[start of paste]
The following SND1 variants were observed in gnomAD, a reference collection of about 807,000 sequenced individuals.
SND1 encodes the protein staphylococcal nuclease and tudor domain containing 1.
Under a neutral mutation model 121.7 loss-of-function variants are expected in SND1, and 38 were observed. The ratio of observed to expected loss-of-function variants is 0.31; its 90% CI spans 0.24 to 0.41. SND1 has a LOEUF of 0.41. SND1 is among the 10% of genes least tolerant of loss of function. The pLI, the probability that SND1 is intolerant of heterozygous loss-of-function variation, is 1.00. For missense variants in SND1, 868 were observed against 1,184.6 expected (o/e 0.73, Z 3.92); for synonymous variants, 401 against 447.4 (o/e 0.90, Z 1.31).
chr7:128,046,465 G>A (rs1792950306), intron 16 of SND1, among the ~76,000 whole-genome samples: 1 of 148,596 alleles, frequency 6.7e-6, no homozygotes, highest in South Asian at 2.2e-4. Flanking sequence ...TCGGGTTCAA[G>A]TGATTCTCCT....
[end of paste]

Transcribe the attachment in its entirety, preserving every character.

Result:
The following SND1 variants were observed in gnomAD, a reference collection of about 807,000 sequenced individuals.
SND1 encodes the protein staphylococcal nuclease and tudor domain containing 1.
Under a neutral mutation model 121.7 loss-of-function variants are expected in SND1, and 38 were observed. The ratio of observed to expected loss-of-function variants is 0.31; its 90% CI spans 0.24 to 0.41. SND1 has a LOEUF of 0.41. SND1 is among the 10% of genes least tolerant of loss of function. The pLI, the probability that SND1 is intolerant of heterozygous loss-of-function variation, is 1.00. For missense variants in SND1, 868 were observed against 1,184.6 expected (o/e 0.73, Z 3.92); for synonymous variants, 401 against 447.4 (o/e 0.90, Z 1.31).
chr7:128,046,465 G>A (rs1792950306), intron 16 of SND1, among the ~76,000 whole-genome samples: 1 of 148,596 alleles, frequency 6.7e-6, no homozygotes, highest in South Asian at 2.2e-4. Flanking sequence ...TCGGGTTCAA[G>A]TGATTCTCCT....